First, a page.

“All is meaningless; it is the echoes of the inevitable demise called death, reminding us all of our imminent impotence to perpetuate all and any of our wholesomeness that relates to our being,” begins a column by senior philosophy, neurobiology and physiology major Andrew Adeola, published Feb. 10 in The Diamondback.
Damn. Talk about a metaphysical bombshell.
The remainder of Adeola’s column continues along the same vein, pointing out that, sans exception, all of us will die someday and hence, our lives really have no meaning.
It’s not that as a philosophy major myself, I felt the need to pick a fight with someone who, like me, is trying to infuse philosophy into their writing and contribute to public discourse.
My main impetus for responding to Adeola’s column is, to me, the rationale behind it is painfully nihilistic and hopeless. And I wonder if there’s really any benefit to be had in making the case that life is meaningless. None is evident to me, anyway.
So, I’d like to offer a counterargument. I’d like to respond to Adeola by making the case that, in spite of our mortality—on some level, because of it—we are completely capable of living lives filled with purpose.
This approach requires me to take a completely different stance on cosmology and humanity’s place in the universe than the one Adeola is operating under.
The universe sketched out in Adeola’s column is one in which he stresses “… the ephemeral nature of all entities under the sun. The futility of life should permit us to challenge whatever meaning is associated with life when that life is transitory. But then what meaning is there to life when that life is transitory?”
But wait a second. Scientists estimate that the sun itself is about 4.5 billion years old. Contemporary scientific consensus also cites an age of roughly 4.5 billion years for the Earth. Unless you held a gun to my head and forced me to say so, I don’t think I would refer to either of these two entities as “ephemeral.”
I think I see Adeola’s underlying point, which I’ll articulate as follows: “OK, so maybe the Earth and the Sun and our solar system aren’t ephemeral. But when you compare how long they last with how long humans typically live, we are ephemeral.”
Yeah, but “apples and oranges,” you know.
Our bodies aren’t built like planets, and it would be kind of absurd to consider that possibility. We simply aren’t supposed to last that long. We all come into this world with an unknown expiration date, but that’s no reason to concede to a defeatist, nihilistic perspective of ourselves and our place in the universe.
In a not-so distant past, I remember sitting in a café in the northern suburbs of Buenos Aires with a copy of Jorge Luis Borges’ short story collection, The Aleph.
The first story, “The Immortal,” was about a Roman soldier living during the reign of Diocletian, who mistakenly drank water from a stream that conferred immortality. This soldier discovered that other people who drank from the stream had turned into troglodytes and despaired at having to live out boring, endless lives. After many centuries, the soldier actively set about trying to become mortal again, eventually succeeding and dying in 1929.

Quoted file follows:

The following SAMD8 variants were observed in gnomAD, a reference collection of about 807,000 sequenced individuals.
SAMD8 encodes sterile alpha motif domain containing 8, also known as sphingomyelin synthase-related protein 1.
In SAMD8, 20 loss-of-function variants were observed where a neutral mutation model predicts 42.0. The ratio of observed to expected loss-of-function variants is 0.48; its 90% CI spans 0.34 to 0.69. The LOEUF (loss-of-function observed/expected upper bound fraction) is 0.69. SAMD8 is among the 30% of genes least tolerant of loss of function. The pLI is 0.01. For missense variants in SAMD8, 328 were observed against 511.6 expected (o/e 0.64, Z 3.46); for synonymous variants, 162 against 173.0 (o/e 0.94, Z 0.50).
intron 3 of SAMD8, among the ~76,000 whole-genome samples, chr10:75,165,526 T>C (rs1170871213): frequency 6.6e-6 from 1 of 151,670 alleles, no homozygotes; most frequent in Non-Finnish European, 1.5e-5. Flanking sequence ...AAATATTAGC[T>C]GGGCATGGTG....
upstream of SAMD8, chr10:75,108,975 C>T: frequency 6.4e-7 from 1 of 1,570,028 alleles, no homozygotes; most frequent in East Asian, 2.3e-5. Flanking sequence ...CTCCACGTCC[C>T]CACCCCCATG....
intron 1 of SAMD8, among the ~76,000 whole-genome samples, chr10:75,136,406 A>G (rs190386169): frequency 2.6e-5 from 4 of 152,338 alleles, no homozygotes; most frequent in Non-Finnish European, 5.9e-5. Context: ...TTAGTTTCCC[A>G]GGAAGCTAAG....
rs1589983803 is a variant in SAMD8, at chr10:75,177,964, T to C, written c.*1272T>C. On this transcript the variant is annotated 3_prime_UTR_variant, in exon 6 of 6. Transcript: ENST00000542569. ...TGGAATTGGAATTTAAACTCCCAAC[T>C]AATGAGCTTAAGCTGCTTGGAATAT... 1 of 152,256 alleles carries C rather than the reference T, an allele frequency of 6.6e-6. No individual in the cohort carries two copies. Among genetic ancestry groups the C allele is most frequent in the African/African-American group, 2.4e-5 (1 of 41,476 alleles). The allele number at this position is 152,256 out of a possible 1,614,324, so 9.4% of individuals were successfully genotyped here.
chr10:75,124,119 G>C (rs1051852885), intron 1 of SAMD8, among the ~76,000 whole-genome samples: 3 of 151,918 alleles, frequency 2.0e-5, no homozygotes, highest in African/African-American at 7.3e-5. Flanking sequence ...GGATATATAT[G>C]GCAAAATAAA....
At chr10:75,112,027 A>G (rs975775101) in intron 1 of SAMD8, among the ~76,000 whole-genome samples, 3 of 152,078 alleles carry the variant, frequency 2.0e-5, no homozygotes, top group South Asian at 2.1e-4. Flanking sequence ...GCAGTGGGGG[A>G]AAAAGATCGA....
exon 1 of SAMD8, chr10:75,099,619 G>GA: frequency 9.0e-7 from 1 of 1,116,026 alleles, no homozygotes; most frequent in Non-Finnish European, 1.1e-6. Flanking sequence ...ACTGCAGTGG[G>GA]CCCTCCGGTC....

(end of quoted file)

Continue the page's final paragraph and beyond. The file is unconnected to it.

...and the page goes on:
We often talk about death as this dark, sinister end that awaits us all. And maybe there’s some truth to that rationale, but we almost never consider the alternative: living forever would be tiresome. We would get bored.
Adeola cites Leo Tolstoy in the second paragraph of his column, quoting the Russian novelist as having once brooded, “Is there any meaning in my life that the inevitable death awaiting me does not destroy?”
To answer Tolstoy, yes, and I can enumerate that still-weighty meaning in just five words: “Anna Karenina” and “War and Peace.”
To answer Adeola, Tolstoy found religion sometime after his profound existential crisis. After completing Anna Karenina, he became an ascetic Christian and published works such as Union and Translation of the Four Gospels and The Kingdom of God is Within You, the latter of which profoundly influenced Mahatma Gandhi.
Tolstoy’s life is, by any reckoning, heavy with meaning and purpose. As if writing some of the world’s most enduring novels weren’t enough to carve out a personal legacy, he then directed his formidable powers to finding a meaning to his own life, and on a universal scale, to all of ours.
I’ll admit it—we can’t all be Tolstoys.
But we are free to live every bit as purposefully as he did. Even if it’s true that most of us will only live for a fraction of a century on this Earth, we can still imbue that time with meaning. Our actions have reverberations for those around us, and through those ripples in the endless ocean of the world’s people we may yet live on.
In short, my final response to Adeola proceeds thusly: “Yes, we’re all going to die. No, that doesn’t necessarily entail that our lives have no meaning. Rather than allow knowledge of our mortality to turn us into nihilists, we can instead use it as a powerful impetus for living lives of purpose.”
It’s a beautiful day, so I’m going to step outside and get some air now that I’ve finished this article.
Despair is so passé.
Featured Photo Credit: Featured photo courtesy of Flickr user Jonathan.
Horus Alas is senior philosophy major and can be reached at firstname.lastname@example.org.
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